Near the end of her recent lecture at the Academy of Natural Sciences, Andrea Wulf touched on the role slavery played in the agrarian and horticultural lives of our nation's early presidents. Too bad it came at the end of her talk. It's one of the most fascinating parts of her new book Founding Gardeners: The Revolutionary Generation, Nature, and the Shaping of the American Nation (Alfred A. Knopf, $30). For while she deftly conveys the idea that George Washington, John Adams, Thomas Jefferson, and James Madison were passionate to the point of obsession about their fields, crops, seeds, and - as they say in the trade nowadays - "ornamentals and edibles," Wulf also lays out the details of a disquieting and not altogether unfamiliar truth: that, for three of those presidents, a belief in liberty and equality coexisted with slave ownership.
April 28, 2011 |
Most of the fanfare surrounding the 83d Academy Awards focused on the ceremony's young hosts, Anne Hathaway and James Franco, but it was 94-year-old screen legend Kirk Douglas who stole the show. On hand to present the supporting-actress Oscar, Douglas earned plenty of laughs from the stage, where he teased Hugh Jackman and Colin Firth, flirted with Hathaway and category winner Melissa Leo, and performed a comedic shtick with his cane with the help of Omar Sharif's grandson, who shares a name with his famous relative.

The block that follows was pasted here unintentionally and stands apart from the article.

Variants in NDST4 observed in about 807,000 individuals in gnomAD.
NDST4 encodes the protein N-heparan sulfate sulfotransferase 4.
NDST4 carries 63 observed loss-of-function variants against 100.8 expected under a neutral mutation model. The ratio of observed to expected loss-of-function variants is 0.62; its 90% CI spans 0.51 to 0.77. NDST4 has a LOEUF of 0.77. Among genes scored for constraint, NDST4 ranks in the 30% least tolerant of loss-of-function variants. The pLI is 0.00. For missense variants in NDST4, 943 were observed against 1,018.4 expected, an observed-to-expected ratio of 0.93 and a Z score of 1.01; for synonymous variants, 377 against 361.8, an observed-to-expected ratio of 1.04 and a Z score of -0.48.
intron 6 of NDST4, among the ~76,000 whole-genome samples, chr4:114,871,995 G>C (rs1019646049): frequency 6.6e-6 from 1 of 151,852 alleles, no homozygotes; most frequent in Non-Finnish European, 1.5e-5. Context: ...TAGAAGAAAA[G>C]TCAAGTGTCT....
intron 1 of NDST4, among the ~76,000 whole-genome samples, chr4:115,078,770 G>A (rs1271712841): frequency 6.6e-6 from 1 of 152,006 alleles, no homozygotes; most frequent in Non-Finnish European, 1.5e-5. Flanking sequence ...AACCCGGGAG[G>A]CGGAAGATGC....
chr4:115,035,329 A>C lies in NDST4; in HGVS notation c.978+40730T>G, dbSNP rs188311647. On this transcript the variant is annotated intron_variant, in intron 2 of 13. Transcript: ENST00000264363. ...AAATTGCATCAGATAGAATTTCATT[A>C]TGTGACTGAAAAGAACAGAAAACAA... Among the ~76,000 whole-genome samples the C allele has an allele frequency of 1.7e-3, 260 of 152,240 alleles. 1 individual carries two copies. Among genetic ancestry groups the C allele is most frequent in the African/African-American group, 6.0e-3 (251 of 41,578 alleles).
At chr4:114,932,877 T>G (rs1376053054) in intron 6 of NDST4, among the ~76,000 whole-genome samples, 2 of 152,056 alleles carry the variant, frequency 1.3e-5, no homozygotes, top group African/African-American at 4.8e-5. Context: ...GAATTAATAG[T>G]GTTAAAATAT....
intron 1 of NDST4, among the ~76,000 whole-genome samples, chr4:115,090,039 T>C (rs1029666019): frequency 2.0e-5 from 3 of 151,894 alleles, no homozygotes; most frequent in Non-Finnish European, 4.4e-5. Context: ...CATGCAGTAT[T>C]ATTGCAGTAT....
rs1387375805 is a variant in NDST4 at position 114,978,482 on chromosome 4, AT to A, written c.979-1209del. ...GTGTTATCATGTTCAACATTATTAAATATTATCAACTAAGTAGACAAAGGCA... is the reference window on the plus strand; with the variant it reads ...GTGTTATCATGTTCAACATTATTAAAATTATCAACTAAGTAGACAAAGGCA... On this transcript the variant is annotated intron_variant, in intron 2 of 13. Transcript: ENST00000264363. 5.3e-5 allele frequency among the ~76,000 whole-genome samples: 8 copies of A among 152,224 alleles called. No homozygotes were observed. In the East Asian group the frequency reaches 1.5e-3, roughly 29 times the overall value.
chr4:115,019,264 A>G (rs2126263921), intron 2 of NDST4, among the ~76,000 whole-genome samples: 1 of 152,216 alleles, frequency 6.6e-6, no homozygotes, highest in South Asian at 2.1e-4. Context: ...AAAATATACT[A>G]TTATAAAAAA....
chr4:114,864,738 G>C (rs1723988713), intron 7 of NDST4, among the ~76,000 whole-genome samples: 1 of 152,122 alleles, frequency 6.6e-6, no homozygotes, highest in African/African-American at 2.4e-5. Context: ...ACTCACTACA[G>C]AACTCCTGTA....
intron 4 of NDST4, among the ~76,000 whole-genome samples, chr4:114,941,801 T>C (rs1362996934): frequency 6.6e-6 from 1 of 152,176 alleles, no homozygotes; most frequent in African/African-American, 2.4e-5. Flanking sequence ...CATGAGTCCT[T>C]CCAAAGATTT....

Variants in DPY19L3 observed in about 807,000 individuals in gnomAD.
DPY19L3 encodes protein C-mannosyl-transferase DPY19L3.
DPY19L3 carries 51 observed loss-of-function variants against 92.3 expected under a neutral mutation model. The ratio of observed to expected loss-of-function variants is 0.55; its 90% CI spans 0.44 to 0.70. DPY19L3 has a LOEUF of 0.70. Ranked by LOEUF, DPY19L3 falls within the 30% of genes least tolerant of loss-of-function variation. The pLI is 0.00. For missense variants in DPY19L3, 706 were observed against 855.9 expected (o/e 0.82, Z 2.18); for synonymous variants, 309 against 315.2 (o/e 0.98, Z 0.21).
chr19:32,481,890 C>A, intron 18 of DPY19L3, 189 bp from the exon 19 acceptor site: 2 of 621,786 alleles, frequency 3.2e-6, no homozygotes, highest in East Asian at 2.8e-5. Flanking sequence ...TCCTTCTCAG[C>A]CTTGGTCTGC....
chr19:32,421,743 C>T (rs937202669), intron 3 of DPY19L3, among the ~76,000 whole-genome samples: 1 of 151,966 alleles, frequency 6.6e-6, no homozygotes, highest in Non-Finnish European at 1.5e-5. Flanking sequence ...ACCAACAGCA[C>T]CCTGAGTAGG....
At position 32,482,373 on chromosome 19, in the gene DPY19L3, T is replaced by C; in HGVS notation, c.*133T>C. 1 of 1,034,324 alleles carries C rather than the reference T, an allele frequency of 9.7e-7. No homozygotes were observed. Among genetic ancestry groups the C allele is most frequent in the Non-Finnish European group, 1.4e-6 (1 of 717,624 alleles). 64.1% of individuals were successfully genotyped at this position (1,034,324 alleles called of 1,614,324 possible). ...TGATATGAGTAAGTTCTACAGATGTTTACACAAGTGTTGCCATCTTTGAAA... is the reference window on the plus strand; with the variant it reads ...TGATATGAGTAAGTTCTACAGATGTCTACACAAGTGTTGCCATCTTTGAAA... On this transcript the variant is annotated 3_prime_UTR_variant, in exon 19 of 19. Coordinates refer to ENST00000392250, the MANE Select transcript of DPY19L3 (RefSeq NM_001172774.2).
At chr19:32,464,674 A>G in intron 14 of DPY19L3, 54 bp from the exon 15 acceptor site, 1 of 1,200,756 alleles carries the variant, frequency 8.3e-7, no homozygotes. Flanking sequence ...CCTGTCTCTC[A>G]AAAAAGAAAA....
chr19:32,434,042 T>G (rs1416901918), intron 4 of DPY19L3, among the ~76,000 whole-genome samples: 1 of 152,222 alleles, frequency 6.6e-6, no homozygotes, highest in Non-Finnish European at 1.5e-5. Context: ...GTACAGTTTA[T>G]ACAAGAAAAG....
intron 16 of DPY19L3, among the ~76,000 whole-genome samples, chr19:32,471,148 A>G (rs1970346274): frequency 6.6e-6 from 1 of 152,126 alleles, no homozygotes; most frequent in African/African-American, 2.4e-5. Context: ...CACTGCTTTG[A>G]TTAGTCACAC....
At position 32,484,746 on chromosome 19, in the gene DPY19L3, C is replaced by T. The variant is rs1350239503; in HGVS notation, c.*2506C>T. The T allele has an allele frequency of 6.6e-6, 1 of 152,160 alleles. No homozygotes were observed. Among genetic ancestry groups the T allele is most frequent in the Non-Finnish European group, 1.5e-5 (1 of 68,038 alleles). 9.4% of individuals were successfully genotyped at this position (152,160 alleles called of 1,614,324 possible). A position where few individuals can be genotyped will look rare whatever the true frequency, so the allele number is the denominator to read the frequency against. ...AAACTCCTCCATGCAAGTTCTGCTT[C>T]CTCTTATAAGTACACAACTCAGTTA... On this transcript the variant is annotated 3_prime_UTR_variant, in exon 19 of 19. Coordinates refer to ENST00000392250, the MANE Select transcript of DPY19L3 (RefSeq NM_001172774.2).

April 28, 2011 |
Despite a keen interest in African American history, Warren Oree had never heard of the violent standoff that came to be known as the Christiana riot. Then Oree came upon a two-sentence summary of the 1851 confrontation, which involved three escaped slaves, a strong-willed free black man, and a slave owner intent on retrieving his property. That was enough to spark the bassist/composer's curiosity. "I don't knock the Underground Railroad," Oree says, "but for too long African Americans have been pictured as either running away or cowering, and that's not a true picture.